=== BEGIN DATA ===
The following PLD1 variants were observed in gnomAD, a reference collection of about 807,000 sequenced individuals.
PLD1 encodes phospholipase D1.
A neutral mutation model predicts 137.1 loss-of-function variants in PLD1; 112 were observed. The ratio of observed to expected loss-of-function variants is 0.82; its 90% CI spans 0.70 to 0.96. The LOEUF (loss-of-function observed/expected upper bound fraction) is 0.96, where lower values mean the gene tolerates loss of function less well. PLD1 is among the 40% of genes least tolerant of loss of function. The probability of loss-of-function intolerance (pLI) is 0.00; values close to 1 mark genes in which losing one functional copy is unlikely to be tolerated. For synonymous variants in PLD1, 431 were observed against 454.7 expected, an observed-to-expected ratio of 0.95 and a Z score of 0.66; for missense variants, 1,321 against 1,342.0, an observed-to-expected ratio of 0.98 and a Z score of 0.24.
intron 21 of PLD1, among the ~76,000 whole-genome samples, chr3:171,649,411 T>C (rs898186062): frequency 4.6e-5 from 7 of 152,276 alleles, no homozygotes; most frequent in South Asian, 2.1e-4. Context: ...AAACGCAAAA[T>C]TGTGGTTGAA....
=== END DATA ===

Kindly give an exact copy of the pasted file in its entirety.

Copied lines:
The following PLD1 variants were observed in gnomAD, a reference collection of about 807,000 sequenced individuals.
PLD1 encodes phospholipase D1.
A neutral mutation model predicts 137.1 loss-of-function variants in PLD1; 112 were observed. The ratio of observed to expected loss-of-function variants is 0.82; its 90% CI spans 0.70 to 0.96. The LOEUF (loss-of-function observed/expected upper bound fraction) is 0.96, where lower values mean the gene tolerates loss of function less well. PLD1 is among the 40% of genes least tolerant of loss of function. The probability of loss-of-function intolerance (pLI) is 0.00; values close to 1 mark genes in which losing one functional copy is unlikely to be tolerated. For synonymous variants in PLD1, 431 were observed against 454.7 expected, an observed-to-expected ratio of 0.95 and a Z score of 0.66; for missense variants, 1,321 against 1,342.0, an observed-to-expected ratio of 0.98 and a Z score of 0.24.
intron 21 of PLD1, among the ~76,000 whole-genome samples, chr3:171,649,411 T>C (rs898186062): frequency 4.6e-5 from 7 of 152,276 alleles, no homozygotes; most frequent in South Asian, 2.1e-4. Context: ...AAACGCAAAA[T>C]TGTGGTTGAA....